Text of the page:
The GBTA Foundation announced the results of its first GBTA BTI™ Outlook – India report, a semi-annual business travel outlook and overall economic analysis of India.
Key highlights of the report include:
• After a period of economic growth stuck below 5 percent along with soaring inflation, GBTA projects total business travel spending for India to grow 2.1 percent in 2014 to $24.9 billion USD. An improved outlook for the Indian economy, however, should bring business travel spend back on track in 2015 as GBTA expects 7.6 percent growth to $28.8 billion USD.
• Over the last 15 years, India has worked its way up the rankings of major global business travel markets from number 24 in 2000 to the 10th ranked market in the world in 2013. GBTA expects India will continue to move up the rankings and should pass Italy to become the 9th largest market in the next five years.
• Driven by both the tremendous growth of the middle class and size and multitude of business centers throughout India, domestic business travel spending has dominated, comprising 90 percent of total business travel spend in the country.
• Along with the ailing domestic economy, domestic business travel spend is expected to slow in 2014 only growing 2.2 percent. Thanks in part to the recent election results providing a boost in business and investor confidence, domestic business travel spend will regain its footing in 2015 advancing 7.7 percent to $24.2 billion USD.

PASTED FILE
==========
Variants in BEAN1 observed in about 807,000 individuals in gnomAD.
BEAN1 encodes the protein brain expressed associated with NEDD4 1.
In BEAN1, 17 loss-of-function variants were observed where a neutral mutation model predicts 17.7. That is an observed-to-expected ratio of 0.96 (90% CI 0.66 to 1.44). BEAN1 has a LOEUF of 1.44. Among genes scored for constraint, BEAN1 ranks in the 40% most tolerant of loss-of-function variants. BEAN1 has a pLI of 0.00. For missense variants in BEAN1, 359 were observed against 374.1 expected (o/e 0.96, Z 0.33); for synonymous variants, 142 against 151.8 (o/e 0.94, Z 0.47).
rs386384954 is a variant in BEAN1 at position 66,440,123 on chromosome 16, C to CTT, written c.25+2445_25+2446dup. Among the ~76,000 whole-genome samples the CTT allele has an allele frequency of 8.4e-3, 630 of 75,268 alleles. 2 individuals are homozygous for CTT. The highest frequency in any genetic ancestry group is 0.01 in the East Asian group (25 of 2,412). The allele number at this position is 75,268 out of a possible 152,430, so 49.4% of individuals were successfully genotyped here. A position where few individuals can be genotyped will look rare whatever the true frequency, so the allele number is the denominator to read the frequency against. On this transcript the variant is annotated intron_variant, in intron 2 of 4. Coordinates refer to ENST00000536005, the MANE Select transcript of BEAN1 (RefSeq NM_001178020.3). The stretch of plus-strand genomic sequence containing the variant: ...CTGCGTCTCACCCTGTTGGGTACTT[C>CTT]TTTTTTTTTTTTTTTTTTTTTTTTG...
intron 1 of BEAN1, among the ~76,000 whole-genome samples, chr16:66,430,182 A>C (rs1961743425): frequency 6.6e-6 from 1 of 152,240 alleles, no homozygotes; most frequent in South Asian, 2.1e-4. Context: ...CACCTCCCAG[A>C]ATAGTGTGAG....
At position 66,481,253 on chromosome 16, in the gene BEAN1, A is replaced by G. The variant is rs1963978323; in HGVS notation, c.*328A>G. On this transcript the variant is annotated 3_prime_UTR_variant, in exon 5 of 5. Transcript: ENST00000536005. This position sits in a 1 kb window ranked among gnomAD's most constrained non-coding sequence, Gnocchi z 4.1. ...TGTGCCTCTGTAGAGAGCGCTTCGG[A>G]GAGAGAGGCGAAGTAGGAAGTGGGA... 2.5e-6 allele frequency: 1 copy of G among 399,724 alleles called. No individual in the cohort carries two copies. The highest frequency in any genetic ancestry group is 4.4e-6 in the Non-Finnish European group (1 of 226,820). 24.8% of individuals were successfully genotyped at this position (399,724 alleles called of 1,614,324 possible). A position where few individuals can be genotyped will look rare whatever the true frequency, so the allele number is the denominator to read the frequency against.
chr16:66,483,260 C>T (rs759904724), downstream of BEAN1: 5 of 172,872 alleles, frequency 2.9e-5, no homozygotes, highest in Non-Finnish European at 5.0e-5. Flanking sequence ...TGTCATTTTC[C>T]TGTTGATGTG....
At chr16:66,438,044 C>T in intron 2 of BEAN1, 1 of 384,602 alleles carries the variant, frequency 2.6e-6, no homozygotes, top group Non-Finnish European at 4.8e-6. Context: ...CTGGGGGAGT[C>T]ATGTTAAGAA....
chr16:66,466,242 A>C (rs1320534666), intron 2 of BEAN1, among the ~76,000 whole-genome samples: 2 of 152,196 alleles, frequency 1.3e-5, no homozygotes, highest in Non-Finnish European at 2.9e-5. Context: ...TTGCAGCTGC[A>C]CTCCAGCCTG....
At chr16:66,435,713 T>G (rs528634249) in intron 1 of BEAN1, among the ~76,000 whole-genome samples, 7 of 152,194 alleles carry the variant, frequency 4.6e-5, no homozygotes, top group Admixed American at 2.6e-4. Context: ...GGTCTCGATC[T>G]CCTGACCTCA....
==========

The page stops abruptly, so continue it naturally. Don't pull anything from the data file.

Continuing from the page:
• International outbound business travel spending has been extremely volatile in recent years and is only expected to gain 1.1 percent in 2014. It too will see major improvement in 2015 though as GBTA projects 7 percent growth to $2.6 billion USD due to renewed strength among India’s major trading partners including China, Europe and the United States.
India’s insufficient infrastructure presents a significant impediment to sustainable growth. This includes not only physical infrastructure such as ports of entry and modes of transportation, but also urban infrastructure such as access roads, electricity, water supply and telecommunications. One particular challenge for business travel in India is that while the supply of hotel rooms is relatively large, there is a shortage of quality options, which are by and large expected by business travelers. This is beginning to shift, however, and development is taking place across a number of global chains that cater to business travelers.